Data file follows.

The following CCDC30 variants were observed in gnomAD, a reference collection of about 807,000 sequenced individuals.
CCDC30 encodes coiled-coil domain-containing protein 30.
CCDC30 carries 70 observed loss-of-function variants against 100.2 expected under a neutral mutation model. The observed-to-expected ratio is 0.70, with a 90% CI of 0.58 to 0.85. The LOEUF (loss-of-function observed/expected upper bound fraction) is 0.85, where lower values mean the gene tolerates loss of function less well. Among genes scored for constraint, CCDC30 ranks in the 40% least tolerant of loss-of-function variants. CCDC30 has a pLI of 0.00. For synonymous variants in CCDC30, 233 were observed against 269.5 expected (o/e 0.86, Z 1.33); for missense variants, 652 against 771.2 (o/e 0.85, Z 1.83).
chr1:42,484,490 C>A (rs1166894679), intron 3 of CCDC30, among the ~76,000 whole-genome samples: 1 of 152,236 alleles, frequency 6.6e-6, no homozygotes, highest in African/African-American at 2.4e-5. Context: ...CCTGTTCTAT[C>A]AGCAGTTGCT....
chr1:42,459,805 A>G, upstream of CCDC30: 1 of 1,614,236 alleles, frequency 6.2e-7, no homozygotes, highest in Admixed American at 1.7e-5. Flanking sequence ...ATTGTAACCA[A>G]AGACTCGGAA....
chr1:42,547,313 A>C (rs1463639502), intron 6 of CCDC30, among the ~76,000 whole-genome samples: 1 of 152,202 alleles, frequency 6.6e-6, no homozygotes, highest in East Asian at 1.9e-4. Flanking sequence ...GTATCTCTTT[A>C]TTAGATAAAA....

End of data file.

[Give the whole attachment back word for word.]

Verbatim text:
The following CCDC30 variants were observed in gnomAD, a reference collection of about 807,000 sequenced individuals.
CCDC30 encodes coiled-coil domain-containing protein 30.
CCDC30 carries 70 observed loss-of-function variants against 100.2 expected under a neutral mutation model. The observed-to-expected ratio is 0.70, with a 90% CI of 0.58 to 0.85. The LOEUF (loss-of-function observed/expected upper bound fraction) is 0.85, where lower values mean the gene tolerates loss of function less well. Among genes scored for constraint, CCDC30 ranks in the 40% least tolerant of loss-of-function variants. CCDC30 has a pLI of 0.00. For synonymous variants in CCDC30, 233 were observed against 269.5 expected (o/e 0.86, Z 1.33); for missense variants, 652 against 771.2 (o/e 0.85, Z 1.83).
chr1:42,484,490 C>A (rs1166894679), intron 3 of CCDC30, among the ~76,000 whole-genome samples: 1 of 152,236 alleles, frequency 6.6e-6, no homozygotes, highest in African/African-American at 2.4e-5. Context: ...CCTGTTCTAT[C>A]AGCAGTTGCT....
chr1:42,459,805 A>G, upstream of CCDC30: 1 of 1,614,236 alleles, frequency 6.2e-7, no homozygotes, highest in Admixed American at 1.7e-5. Flanking sequence ...ATTGTAACCA[A>G]AGACTCGGAA....
chr1:42,547,313 A>C (rs1463639502), intron 6 of CCDC30, among the ~76,000 whole-genome samples: 1 of 152,202 alleles, frequency 6.6e-6, no homozygotes, highest in East Asian at 1.9e-4. Flanking sequence ...GTATCTCTTT[A>C]TTAGATAAAA....